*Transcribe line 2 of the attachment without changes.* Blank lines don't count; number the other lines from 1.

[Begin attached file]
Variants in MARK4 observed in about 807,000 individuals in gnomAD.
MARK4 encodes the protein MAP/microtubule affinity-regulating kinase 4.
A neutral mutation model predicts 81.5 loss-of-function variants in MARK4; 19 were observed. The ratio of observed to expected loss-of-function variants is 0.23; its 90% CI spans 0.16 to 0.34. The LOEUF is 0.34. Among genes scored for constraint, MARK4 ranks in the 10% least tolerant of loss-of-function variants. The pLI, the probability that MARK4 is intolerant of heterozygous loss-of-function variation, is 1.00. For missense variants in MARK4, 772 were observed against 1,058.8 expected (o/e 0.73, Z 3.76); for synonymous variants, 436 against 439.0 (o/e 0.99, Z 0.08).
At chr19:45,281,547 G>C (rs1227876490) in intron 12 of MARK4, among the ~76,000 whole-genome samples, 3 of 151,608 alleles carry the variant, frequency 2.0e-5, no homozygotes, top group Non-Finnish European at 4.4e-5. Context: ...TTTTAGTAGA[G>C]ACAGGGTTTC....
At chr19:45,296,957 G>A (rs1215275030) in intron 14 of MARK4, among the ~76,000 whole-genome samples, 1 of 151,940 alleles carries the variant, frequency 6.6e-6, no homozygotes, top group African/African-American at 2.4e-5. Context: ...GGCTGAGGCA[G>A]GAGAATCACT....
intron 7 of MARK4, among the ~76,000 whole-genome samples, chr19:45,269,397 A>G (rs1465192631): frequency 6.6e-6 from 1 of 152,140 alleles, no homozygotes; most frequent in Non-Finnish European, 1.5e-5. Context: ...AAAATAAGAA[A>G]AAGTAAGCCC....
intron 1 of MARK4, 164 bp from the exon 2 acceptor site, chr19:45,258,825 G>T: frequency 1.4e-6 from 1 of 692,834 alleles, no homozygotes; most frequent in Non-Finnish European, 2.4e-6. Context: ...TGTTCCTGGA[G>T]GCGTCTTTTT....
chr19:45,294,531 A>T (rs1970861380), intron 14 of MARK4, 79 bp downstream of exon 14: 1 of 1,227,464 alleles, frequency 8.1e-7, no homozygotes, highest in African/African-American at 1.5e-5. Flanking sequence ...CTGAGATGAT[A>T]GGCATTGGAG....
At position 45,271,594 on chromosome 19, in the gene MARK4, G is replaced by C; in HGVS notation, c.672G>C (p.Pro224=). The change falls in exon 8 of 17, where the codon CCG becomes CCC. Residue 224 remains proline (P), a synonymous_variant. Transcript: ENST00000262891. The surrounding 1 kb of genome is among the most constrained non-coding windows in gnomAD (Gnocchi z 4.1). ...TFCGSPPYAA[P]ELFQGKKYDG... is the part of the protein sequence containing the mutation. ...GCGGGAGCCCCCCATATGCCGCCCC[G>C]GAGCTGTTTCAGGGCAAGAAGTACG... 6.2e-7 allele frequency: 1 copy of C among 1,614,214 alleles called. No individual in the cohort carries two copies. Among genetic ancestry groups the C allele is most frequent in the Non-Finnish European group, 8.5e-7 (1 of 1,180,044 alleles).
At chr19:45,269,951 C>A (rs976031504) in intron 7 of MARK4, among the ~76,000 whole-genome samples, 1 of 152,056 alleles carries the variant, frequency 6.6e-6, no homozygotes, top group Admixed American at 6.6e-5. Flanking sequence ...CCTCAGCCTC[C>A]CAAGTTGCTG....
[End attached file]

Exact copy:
MARK4 encodes the protein MAP/microtubule affinity-regulating kinase 4.